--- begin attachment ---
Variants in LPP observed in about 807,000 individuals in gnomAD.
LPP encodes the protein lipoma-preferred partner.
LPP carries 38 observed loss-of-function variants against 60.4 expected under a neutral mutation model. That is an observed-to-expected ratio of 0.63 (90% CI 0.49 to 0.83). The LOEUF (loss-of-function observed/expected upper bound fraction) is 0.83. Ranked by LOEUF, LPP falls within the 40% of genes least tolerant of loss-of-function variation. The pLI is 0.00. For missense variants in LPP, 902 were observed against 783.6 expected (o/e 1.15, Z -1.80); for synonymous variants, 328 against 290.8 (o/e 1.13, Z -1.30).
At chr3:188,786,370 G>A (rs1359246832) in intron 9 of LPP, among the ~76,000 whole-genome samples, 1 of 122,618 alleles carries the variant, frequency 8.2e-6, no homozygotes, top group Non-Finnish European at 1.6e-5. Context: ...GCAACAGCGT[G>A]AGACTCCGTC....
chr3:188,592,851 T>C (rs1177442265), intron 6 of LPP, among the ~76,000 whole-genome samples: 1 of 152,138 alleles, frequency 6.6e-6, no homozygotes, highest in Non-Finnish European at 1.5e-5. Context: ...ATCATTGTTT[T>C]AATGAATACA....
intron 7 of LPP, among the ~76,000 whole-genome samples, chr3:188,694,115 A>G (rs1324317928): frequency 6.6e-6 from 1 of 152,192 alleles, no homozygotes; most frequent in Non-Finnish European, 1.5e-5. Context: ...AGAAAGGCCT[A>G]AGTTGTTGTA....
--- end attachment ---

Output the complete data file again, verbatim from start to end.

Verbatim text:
Variants in LPP observed in about 807,000 individuals in gnomAD.
LPP encodes the protein lipoma-preferred partner.
LPP carries 38 observed loss-of-function variants against 60.4 expected under a neutral mutation model. That is an observed-to-expected ratio of 0.63 (90% CI 0.49 to 0.83). The LOEUF (loss-of-function observed/expected upper bound fraction) is 0.83. Ranked by LOEUF, LPP falls within the 40% of genes least tolerant of loss-of-function variation. The pLI is 0.00. For missense variants in LPP, 902 were observed against 783.6 expected (o/e 1.15, Z -1.80); for synonymous variants, 328 against 290.8 (o/e 1.13, Z -1.30).
At chr3:188,786,370 G>A (rs1359246832) in intron 9 of LPP, among the ~76,000 whole-genome samples, 1 of 122,618 alleles carries the variant, frequency 8.2e-6, no homozygotes, top group Non-Finnish European at 1.6e-5. Context: ...GCAACAGCGT[G>A]AGACTCCGTC....
chr3:188,592,851 T>C (rs1177442265), intron 6 of LPP, among the ~76,000 whole-genome samples: 1 of 152,138 alleles, frequency 6.6e-6, no homozygotes, highest in Non-Finnish European at 1.5e-5. Context: ...ATCATTGTTT[T>C]AATGAATACA....
intron 7 of LPP, among the ~76,000 whole-genome samples, chr3:188,694,115 A>G (rs1324317928): frequency 6.6e-6 from 1 of 152,192 alleles, no homozygotes; most frequent in Non-Finnish European, 1.5e-5. Context: ...AGAAAGGCCT[A>G]AGTTGTTGTA....